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Reforming HollywoodHow American Protestants Fought for Freedom at the Movies$
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William D. Romanowski

Print publication date: 2012

Print ISBN-13: 9780195387841

Published to Oxford Scholarship Online: September 2012

DOI: 10.1093/acprof:oso/9780195387841.001.0001

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Reforming the Movies

Reforming the Movies

What Could Possibly Go Wrong?

Chapter:
(p.13) 1 Reforming the Movies
Source:
Reforming Hollywood
Author(s):

William D. Romanowski

Publisher:
Oxford University Press
DOI:10.1093/acprof:oso/9780195387841.003.0001

This chapter describes Protestant movie reform as an effort to counteract any negative influence and turn the cinema into an ally of home, school, and church. To both fend off legal censorship and expand its prospects with middle-class audiences, in 1909 the film industry empowered the National Board of Censorship (later Review) of Motion Pictures to enlist a group of New York’s cultural custodians to sign off on movies for general consumption. Though ecumenical, the National Board’s membership was heavily Protestant. The Board was eventually stymied by its conflicting purposes. In effect censoring movies to protect the industry from legal censorship, the Board was unable to maintain a broad enough consensus on standards to adequately reflect diverse public opinion.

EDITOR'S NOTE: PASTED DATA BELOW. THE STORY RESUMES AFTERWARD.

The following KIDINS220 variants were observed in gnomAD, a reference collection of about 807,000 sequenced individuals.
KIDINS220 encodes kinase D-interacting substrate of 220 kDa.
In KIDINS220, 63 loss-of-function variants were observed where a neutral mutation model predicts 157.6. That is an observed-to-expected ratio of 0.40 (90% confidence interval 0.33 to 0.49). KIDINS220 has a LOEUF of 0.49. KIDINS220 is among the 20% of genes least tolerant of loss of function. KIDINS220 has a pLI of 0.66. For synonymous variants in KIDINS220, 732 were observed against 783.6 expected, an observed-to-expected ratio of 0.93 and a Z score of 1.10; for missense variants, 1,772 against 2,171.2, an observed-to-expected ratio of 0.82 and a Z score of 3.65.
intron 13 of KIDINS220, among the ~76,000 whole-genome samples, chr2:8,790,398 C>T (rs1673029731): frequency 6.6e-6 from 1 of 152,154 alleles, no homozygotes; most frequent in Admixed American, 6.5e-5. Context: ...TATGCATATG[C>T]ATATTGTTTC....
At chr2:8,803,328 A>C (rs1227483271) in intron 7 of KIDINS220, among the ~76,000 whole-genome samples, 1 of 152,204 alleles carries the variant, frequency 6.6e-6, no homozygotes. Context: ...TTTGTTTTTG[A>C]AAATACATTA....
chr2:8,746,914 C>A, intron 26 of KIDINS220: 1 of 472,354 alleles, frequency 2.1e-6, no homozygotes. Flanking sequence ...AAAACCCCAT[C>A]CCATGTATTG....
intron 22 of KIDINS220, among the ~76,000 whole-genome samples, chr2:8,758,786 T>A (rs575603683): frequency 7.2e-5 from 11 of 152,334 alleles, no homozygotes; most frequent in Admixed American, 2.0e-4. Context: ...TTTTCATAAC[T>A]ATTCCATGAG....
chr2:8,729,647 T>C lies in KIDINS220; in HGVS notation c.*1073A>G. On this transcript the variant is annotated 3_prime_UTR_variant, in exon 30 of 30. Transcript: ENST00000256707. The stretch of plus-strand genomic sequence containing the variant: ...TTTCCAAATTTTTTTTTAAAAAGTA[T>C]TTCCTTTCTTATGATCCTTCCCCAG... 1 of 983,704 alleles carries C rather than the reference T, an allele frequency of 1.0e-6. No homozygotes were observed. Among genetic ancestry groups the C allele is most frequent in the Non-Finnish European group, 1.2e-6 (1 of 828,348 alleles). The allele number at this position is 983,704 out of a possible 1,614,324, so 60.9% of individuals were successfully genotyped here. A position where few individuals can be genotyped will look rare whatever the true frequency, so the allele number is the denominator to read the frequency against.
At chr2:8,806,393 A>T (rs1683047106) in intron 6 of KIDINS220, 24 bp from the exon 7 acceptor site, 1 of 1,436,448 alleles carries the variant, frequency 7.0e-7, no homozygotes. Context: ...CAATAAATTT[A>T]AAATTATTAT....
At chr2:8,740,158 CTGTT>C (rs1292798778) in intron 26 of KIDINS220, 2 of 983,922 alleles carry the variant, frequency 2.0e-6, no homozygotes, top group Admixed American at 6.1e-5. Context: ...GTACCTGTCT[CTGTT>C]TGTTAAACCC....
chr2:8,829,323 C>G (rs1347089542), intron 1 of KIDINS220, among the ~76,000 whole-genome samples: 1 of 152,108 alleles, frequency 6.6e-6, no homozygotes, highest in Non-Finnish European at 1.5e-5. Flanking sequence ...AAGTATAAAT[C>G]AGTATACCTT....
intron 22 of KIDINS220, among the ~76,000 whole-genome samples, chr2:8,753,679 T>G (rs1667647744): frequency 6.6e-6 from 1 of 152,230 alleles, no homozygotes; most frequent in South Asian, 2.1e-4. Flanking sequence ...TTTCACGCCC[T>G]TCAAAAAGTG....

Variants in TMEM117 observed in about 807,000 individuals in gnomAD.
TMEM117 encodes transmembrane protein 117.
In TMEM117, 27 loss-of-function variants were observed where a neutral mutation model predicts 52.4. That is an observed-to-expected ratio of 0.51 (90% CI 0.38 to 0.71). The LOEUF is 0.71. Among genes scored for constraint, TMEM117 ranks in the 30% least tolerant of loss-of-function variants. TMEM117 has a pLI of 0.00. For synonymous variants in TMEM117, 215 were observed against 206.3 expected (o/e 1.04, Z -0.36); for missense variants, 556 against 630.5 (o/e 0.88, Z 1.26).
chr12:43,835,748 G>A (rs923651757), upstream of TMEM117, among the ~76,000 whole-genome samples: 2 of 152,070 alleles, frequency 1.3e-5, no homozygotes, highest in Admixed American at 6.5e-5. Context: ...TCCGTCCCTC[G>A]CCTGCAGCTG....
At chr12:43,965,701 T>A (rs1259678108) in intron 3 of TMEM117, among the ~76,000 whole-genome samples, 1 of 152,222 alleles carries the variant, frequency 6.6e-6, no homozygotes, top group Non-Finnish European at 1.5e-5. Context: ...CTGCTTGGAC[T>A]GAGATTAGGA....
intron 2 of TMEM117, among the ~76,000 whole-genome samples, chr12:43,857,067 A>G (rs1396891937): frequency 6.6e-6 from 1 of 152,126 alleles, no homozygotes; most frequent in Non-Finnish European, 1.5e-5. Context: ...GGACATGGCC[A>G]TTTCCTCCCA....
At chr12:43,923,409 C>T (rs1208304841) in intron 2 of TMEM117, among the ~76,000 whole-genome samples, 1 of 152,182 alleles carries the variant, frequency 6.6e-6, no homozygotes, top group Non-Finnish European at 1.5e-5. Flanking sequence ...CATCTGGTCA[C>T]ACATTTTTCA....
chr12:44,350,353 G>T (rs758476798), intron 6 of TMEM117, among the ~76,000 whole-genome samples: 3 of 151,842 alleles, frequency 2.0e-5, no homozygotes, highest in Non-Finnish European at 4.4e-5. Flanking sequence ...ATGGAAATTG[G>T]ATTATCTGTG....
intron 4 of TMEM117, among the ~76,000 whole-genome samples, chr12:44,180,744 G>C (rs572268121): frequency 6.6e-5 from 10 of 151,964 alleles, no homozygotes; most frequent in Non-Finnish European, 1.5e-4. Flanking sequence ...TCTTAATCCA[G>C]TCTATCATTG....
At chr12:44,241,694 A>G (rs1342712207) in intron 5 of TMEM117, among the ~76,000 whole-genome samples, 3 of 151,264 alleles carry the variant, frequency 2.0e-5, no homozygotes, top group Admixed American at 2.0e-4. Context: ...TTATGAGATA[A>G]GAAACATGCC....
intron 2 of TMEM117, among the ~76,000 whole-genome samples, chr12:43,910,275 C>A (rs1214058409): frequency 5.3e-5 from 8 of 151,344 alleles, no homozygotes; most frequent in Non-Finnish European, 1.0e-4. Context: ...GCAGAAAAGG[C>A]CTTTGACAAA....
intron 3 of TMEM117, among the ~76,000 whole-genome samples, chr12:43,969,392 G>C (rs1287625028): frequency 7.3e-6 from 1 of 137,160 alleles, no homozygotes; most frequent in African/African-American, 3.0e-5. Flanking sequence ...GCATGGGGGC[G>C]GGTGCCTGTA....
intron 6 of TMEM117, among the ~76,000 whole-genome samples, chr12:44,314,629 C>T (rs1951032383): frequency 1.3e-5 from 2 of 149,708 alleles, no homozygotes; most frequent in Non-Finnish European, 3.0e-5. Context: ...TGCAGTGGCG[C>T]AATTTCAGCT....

Keywords:   legal censorship, public opinion, Protestant movie reform, middle-class audiences

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